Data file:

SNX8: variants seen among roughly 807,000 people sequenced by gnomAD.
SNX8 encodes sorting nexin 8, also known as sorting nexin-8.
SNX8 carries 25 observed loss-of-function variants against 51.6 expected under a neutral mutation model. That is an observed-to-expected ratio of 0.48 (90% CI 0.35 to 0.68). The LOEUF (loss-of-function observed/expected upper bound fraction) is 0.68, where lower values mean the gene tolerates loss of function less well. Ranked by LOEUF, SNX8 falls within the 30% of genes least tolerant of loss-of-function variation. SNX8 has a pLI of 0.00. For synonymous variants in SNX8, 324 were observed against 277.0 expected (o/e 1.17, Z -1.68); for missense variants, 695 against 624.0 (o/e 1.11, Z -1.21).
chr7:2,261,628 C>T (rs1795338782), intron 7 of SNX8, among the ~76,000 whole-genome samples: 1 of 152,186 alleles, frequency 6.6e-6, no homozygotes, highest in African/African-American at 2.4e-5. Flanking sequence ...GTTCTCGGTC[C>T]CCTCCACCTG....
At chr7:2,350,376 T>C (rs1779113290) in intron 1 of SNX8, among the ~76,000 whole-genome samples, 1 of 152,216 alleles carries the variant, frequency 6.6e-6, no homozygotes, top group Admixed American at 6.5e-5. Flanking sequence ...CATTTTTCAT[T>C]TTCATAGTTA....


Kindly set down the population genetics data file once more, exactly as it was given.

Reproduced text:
SNX8: variants seen among roughly 807,000 people sequenced by gnomAD.
SNX8 encodes sorting nexin 8, also known as sorting nexin-8.
SNX8 carries 25 observed loss-of-function variants against 51.6 expected under a neutral mutation model. That is an observed-to-expected ratio of 0.48 (90% CI 0.35 to 0.68). The LOEUF (loss-of-function observed/expected upper bound fraction) is 0.68, where lower values mean the gene tolerates loss of function less well. Ranked by LOEUF, SNX8 falls within the 30% of genes least tolerant of loss-of-function variation. SNX8 has a pLI of 0.00. For synonymous variants in SNX8, 324 were observed against 277.0 expected (o/e 1.17, Z -1.68); for missense variants, 695 against 624.0 (o/e 1.11, Z -1.21).
chr7:2,261,628 C>T (rs1795338782), intron 7 of SNX8, among the ~76,000 whole-genome samples: 1 of 152,186 alleles, frequency 6.6e-6, no homozygotes, highest in African/African-American at 2.4e-5. Flanking sequence ...GTTCTCGGTC[C>T]CCTCCACCTG....
At chr7:2,350,376 T>C (rs1779113290) in intron 1 of SNX8, among the ~76,000 whole-genome samples, 1 of 152,216 alleles carries the variant, frequency 6.6e-6, no homozygotes, top group Admixed American at 6.5e-5. Flanking sequence ...CATTTTTCAT[T>C]TTCATAGTTA....